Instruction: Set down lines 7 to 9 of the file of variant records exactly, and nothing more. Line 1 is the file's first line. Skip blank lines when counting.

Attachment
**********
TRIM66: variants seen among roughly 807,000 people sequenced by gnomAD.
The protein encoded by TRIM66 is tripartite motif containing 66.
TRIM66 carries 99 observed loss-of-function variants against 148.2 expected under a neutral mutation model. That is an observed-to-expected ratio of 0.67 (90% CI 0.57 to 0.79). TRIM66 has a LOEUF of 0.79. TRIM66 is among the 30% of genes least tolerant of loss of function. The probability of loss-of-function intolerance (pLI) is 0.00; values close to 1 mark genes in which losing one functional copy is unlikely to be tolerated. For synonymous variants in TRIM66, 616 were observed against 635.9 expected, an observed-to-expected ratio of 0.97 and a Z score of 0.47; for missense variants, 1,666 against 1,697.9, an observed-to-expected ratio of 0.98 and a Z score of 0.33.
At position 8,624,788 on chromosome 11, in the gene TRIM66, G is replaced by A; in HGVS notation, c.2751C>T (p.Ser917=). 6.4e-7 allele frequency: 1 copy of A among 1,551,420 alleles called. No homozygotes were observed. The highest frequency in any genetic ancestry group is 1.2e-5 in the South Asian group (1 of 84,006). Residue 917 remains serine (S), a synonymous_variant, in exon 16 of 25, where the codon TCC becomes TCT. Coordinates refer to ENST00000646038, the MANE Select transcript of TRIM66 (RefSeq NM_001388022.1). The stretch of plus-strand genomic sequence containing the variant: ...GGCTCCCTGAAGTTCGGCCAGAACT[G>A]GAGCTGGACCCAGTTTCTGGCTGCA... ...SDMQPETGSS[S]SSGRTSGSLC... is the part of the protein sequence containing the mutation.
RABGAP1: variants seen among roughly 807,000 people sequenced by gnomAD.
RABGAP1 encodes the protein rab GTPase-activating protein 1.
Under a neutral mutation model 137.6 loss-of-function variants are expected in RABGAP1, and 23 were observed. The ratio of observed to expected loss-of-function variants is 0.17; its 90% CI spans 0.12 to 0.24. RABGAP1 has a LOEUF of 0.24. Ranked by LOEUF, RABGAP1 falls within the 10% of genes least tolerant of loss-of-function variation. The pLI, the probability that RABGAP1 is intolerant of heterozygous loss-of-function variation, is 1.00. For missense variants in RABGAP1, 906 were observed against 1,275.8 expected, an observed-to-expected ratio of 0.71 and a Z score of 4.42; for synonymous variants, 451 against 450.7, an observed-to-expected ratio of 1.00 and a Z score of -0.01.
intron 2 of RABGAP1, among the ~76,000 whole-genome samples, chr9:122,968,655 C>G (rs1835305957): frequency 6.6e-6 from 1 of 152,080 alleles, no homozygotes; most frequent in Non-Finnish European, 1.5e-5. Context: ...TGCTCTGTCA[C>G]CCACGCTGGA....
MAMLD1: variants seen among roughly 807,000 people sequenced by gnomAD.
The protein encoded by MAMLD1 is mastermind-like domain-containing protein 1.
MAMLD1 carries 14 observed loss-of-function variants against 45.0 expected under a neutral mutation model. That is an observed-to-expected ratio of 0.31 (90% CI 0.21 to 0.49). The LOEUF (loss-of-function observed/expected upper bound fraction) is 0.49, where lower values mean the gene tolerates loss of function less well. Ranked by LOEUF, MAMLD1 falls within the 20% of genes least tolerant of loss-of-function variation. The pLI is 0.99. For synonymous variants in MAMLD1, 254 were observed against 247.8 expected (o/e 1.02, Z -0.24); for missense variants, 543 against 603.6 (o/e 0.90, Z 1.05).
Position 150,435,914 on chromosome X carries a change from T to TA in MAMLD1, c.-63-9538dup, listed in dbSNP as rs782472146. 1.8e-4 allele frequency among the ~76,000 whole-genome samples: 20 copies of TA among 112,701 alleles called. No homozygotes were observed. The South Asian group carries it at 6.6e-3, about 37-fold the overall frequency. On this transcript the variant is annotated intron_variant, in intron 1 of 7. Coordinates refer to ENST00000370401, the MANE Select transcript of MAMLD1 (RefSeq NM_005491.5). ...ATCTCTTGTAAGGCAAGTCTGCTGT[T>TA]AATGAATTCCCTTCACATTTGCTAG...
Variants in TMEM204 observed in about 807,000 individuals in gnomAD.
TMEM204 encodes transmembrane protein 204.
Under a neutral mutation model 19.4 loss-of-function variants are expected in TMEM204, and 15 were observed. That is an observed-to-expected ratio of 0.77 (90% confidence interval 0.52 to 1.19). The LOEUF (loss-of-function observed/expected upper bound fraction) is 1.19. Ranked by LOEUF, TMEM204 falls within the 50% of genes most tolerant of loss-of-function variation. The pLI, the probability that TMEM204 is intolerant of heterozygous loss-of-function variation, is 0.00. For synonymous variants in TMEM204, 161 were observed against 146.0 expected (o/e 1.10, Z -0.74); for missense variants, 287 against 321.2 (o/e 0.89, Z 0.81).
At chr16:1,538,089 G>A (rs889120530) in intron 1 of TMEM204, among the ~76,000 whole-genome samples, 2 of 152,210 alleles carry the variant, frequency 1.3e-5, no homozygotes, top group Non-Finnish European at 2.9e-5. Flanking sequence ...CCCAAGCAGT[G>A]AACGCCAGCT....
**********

Under a neutral mutation model 137.6 loss-of-function variants are expected in RABGAP1, and 23 were observed. The ratio of observed to expected loss-of-function variants is 0.17; its 90% CI spans 0.12 to 0.24. RABGAP1 has a LOEUF of 0.24. Ranked by LOEUF, RABGAP1 falls within the 10% of genes least tolerant of loss-of-function variation. The pLI, the probability that RABGAP1 is intolerant of heterozygous loss-of-function variation, is 1.00. For missense variants in RABGAP1, 906 were observed against 1,275.8 expected, an observed-to-expected ratio of 0.71 and a Z score of 4.42; for synonymous variants, 451 against 450.7, an observed-to-expected ratio of 1.00 and a Z score of -0.01.
intron 2 of RABGAP1, among the ~76,000 whole-genome samples, chr9:122,968,655 C>G (rs1835305957): frequency 6.6e-6 from 1 of 152,080 alleles, no homozygotes; most frequent in Non-Finnish European, 1.5e-5. Context: ...TGCTCTGTCA[C>G]CCACGCTGGA....
MAMLD1: variants seen among roughly 807,000 people sequenced by gnomAD.